Feds to Back Wearable Tech Startups With New Accelerator Program

The latest entrant into the startup accelerator and wearable-technologies games? It’s the Department of Homeland Security.

The DHS announced Tuesday that it will launch its two accelerator programs in a pilot program. The Emerge accelerators will work with startups to create wearable technology that could be used by first responders such as firefighters, police, and paramedics. They will be working with the Dallas-based Tech Wildcatters and TechNexus, which is located in Chicago.

The department’s Center for Innovation, which is located at the Air Force Academy in Colorado Springs, CO, will oversee the program. The academy also helped develop the idea.

Emerge is seeking tech that will help what the DHS labels “the responder of the future” in their mission, which in this case is responding to emergencies and saving lives. Wearable technology is one of the most promising areas, the government said in a release, noting projections it could be a trillion-dollar industry. Applications that could cross over into the commercial and consumer sectors include body-worn electronics, advanced sensors, and integrated voice and data communications embedded in a responder’s gear, the release said.

Despite the ties to the government, the program will be run like a typical accelerator, with the goal being to nurture startups working on technology that could succeed in the commercial marketplace, Tech Wildcatters CEO Gabriella Draney Zielke said. That means it will vet the entrepreneurs and startups and select six companies to participate. Over 12 weeks, it will connect them to mentors, assist work on product development, and help them court investors with a Demo Day. The companies will get $25,000 in seed funding with the potential for follow on investment, and in exchange, Tech Wildcatters will take a eight percent stake in the companies.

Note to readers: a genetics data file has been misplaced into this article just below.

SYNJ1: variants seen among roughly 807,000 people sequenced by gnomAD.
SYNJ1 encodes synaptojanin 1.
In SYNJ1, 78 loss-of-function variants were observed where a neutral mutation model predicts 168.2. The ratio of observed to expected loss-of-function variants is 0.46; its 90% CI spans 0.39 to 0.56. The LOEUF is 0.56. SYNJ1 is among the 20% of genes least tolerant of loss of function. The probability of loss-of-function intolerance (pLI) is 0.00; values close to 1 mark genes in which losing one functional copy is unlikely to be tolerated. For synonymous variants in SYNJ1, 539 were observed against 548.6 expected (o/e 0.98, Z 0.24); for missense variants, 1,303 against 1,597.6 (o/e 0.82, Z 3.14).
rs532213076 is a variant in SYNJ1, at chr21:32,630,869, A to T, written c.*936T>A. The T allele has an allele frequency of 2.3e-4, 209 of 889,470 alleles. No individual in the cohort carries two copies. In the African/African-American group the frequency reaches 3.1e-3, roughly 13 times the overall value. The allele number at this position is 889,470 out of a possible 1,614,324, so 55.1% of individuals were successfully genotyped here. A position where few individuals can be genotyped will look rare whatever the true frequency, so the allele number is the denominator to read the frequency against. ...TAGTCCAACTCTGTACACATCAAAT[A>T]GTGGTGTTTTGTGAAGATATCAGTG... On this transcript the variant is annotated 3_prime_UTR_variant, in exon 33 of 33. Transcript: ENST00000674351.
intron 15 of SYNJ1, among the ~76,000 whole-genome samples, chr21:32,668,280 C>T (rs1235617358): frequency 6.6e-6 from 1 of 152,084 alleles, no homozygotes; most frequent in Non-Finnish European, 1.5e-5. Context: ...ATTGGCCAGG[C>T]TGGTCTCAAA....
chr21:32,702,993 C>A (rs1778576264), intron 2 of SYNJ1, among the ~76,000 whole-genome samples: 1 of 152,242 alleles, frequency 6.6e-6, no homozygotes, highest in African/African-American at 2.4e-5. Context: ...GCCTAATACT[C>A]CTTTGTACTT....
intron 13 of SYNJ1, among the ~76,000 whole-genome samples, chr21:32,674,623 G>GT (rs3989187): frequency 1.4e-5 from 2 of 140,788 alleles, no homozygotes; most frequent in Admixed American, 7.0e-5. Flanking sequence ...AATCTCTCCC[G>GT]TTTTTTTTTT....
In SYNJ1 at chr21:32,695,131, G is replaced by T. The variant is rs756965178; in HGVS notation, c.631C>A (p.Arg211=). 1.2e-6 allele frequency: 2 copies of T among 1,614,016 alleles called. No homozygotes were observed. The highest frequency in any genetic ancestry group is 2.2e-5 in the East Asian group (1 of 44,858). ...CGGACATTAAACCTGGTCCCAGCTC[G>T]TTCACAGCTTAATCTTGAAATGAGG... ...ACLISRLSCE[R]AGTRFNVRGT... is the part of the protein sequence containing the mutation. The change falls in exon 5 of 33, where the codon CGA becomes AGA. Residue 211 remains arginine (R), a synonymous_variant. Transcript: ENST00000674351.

Like other accelerators that work with corporate partners, Emerge will connect entrepreneurs with experts, in this case, both first responders and officials from agencies at various levels of government and with entrepreneurs and engineers with experience in wearable technology, Draney Zielke said. Tech Wildcatters will work with San Francisco-based Wearable World to find mentors in the wearable device industry and the Texas A&M Engineering Extension Service, which trains and develops products for first responders.

Balancing that many players could be complicated, especially when the differing cultures and expectations of startups and one of the federal government’s largest departments meet. The DHS appears to recognize this and called Emerge its latest attempt “to get cutting-edge technology into the field faster and at much lower cost to the government than trying to develop these technologies on [its] own.”

The DHS Center for Innovation will pay close attention and can help the startups identify both problems to solve and promising technology, but it will leave the management of the program up to non-governmental organizations, Draney Zielke said.

“They understand we’re making the ultimate decisions, but they do want to be there every step of the way, learning about the startups, figuring out which ones will go into the program, and then work with them on a regular basis,” Draney Zielke said.

DHS spokesman John Verrico said “the accelerator business is new territory for government.” That’s why the department worked with the Herndon, VA-based Center for Innovative Technology to design the program and select the accelerator partners.

Draney Zielke considers it a good sign that the government and CIT were surprisingly fast to make the Emerge project come together. “It was fascinating how quickly this process moved, which shows to me they’re serious about it and serious about the need to move quickly,” Draney Zielke said.

As of now, Emerge is a pilot program with funding for one year. That was a bit of a sticking point—Tech Wildcatters wanted a longer commitment—but Draney Zielke said ideas for potential spinouts have been mentioned if the first Emerge class is successful.

“Wearables is just the tip of the iceberg,” she said.

Tech Wildcatters and TechNexus are accepting applications, and the accelerators are expected to begin in June and end with Demo Days in September. They and the DHS also will be on a panel Friday afternoon at South by Southwest to explain the project.

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